From what I am gathering from your question and the associated post you linked to, you are trying to share a session using the common session name.

  • Each site has its own session ID.
  • Each site has its own cookie authenticator ($ _COOKIE ['userid'] or $ _COOKIE ['userhash']).
  • Separate sessions are created and a shared cookie is stored on each site.
    • Using its own session handler, each site reads the same data. class MySessionHandler implements SessionHandlerInterface

    • My after thought was an even simpler approach, a class that acts as a session handler, read / write to a shared file. As the php session handler does not save data until the script ends.

Original idea - won't go into details, this is just for reference.

class MySessionHandler implements SessionHandlerInterface {
    private $savePath;

    public function read($id) {
        $id   = some_user_authentication_function();
        $hash = $_COOKIE['_h'];

        $result = mysql_query("SELECT sess_data FROM login_table WHERE user_id = {$id} AND hash = {$hash}");
        return $result['sess_data'];

    public function write($id, $data) {
        $id   = some_user_authentication_function();
        $hash = $_COOKIE['_h'];

        $result = mysql_query("UPDATE login_table SET sess_data = {$data} WHERE user_id = {$id} AND hash = {$hash}");

        return ($result === false) ? false : true;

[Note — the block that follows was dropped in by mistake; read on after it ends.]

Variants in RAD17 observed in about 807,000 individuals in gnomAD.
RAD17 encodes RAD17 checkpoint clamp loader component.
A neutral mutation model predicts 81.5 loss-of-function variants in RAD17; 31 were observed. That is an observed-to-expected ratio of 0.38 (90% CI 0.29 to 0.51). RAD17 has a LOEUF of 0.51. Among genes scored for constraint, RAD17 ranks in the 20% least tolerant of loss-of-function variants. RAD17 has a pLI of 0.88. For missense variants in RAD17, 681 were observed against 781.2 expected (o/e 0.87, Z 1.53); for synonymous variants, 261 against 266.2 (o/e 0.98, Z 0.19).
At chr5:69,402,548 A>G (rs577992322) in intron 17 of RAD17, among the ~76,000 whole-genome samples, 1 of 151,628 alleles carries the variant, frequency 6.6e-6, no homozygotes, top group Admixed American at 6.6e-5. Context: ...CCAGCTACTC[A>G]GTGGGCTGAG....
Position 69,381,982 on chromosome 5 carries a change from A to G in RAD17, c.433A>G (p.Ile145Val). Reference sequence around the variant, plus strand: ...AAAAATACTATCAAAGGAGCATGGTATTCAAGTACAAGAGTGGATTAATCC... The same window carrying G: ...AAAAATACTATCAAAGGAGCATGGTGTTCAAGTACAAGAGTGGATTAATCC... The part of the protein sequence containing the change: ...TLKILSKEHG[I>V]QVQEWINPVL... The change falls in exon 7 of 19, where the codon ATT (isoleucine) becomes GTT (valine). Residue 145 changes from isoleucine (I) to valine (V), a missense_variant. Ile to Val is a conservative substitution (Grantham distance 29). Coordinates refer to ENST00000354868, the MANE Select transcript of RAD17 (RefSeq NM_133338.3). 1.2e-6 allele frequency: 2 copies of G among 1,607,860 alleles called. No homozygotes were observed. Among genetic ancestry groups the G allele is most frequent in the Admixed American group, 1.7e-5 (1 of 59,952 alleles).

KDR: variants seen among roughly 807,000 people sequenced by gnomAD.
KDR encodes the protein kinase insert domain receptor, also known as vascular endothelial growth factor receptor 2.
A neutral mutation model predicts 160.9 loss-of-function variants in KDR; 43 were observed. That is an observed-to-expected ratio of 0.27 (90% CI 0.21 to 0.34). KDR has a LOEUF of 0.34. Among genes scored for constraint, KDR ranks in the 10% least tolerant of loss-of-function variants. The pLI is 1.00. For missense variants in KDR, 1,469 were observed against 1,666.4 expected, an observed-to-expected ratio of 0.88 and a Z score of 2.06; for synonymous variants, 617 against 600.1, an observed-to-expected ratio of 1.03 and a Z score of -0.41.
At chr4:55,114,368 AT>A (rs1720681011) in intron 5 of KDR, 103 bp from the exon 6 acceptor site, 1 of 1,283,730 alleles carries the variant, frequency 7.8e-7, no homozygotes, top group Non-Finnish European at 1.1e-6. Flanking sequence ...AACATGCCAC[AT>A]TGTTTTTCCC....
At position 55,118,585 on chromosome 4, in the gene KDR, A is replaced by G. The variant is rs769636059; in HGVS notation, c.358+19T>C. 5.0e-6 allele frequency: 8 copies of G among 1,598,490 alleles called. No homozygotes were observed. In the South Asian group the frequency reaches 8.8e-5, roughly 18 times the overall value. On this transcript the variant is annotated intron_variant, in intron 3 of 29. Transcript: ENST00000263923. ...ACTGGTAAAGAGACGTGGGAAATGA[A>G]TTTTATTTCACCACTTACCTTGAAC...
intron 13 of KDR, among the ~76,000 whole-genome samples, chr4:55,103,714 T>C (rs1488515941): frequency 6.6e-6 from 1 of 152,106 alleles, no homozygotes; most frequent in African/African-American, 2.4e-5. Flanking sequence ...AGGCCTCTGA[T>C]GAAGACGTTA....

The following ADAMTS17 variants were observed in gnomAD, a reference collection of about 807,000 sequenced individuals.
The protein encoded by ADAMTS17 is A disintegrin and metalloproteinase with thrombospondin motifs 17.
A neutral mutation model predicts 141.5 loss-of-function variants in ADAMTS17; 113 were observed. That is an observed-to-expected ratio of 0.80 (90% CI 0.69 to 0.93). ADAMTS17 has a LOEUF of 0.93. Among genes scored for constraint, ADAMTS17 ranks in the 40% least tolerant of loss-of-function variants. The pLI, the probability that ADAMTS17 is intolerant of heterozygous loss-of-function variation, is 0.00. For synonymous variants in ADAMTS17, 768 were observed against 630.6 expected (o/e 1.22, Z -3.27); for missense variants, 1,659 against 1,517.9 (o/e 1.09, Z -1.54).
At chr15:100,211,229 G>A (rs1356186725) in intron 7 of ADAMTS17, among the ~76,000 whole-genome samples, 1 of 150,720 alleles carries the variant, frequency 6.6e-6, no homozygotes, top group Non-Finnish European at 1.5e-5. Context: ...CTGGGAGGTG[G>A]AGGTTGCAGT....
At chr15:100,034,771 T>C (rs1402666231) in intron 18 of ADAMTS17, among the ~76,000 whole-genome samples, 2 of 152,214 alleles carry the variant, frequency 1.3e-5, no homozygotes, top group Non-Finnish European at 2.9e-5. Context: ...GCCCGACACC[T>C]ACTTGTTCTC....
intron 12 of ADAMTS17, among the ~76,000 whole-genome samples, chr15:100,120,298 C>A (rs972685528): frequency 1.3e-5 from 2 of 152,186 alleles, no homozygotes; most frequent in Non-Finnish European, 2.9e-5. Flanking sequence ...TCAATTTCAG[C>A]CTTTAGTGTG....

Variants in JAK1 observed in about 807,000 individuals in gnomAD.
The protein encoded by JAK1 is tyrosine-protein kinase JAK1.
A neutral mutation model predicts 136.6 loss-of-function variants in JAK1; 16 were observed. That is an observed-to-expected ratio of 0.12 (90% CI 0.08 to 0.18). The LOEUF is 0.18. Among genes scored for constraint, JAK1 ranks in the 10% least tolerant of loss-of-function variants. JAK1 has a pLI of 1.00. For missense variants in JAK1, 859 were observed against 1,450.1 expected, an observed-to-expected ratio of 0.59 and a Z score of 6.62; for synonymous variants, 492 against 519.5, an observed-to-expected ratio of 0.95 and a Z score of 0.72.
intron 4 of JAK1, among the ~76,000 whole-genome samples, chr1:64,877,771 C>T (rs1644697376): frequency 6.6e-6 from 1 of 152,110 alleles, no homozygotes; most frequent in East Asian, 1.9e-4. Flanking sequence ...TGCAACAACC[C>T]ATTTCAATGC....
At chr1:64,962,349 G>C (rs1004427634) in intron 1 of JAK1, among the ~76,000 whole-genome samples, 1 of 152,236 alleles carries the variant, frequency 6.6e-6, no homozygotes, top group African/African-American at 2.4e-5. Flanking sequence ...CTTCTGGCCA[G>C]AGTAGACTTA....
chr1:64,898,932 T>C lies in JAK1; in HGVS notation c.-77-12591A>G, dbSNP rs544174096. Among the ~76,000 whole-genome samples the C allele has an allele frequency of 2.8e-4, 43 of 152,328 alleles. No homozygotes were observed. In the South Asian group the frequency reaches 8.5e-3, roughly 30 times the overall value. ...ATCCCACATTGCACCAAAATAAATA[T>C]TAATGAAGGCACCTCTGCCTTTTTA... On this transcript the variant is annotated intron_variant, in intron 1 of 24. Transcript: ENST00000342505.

$handler = new MySessionHandler();
session_set_save_handler($handler, true);


class customSessionHandler
    private $hash;
    private $id;
    private $sess_db;

    public function __construct($db) {
        $this->hash    = $_COOKIE['hash'];
        $this->id      = some_user_authentication_function($this->hash);
        $this->sess_db = $db;

    public function get($key) {
        $query = 
            "SELECT value ".
            "FROM ".$this->sess_db.
            "WHERE user_id = {$id} ".
            "    AND hash = {$hash} ".
            "    AND key = {$key}";

        $result = mysql_query($query);
        return $result['key'];

    public function set($key, $val) {
        $query = 
            "REPLACE INTO ".$this->sess_db.
            "SET {$key} = {$val} ".
            "WHERE user_id = {$id} ".
            "    AND hash = {$hash}";

        return (mysql_query($query) === false) ? false : true;
$handler = new customSessionHandler('sess_data');


As stated at the beginning, any code that is not essential to explain the concept has been removed.
Things that may not be obvious to everyone: - $ key and $ val need to be sanitized before being sent to the database. (prevent injection) - The hash is sent to your login functions, so the hash can be used to clean up the session data when needed, can also be used when authenticating the user. - Ready-made mysql statements would be ideal here, so you can prepare two queries in the constructor and then just reuse the statement for each call. Then put the code for closing the connection in the destructor.

After the thought

It would be a lot more secure if every site had its own hash.
Then, if you find a security anomaly, you can simply block or re-request credentials from one site without compromising the hash for the site network.

To implement this would be as simple as creating another table containing: - User ID - site_name ( - Hash - Timeout - Re-authenticate

and by modifying the session_data table, so instead of accessing the $ key => $ val pair with a hash, you access it user_id.

Thanks for reading, I hope it will be helpful to someone.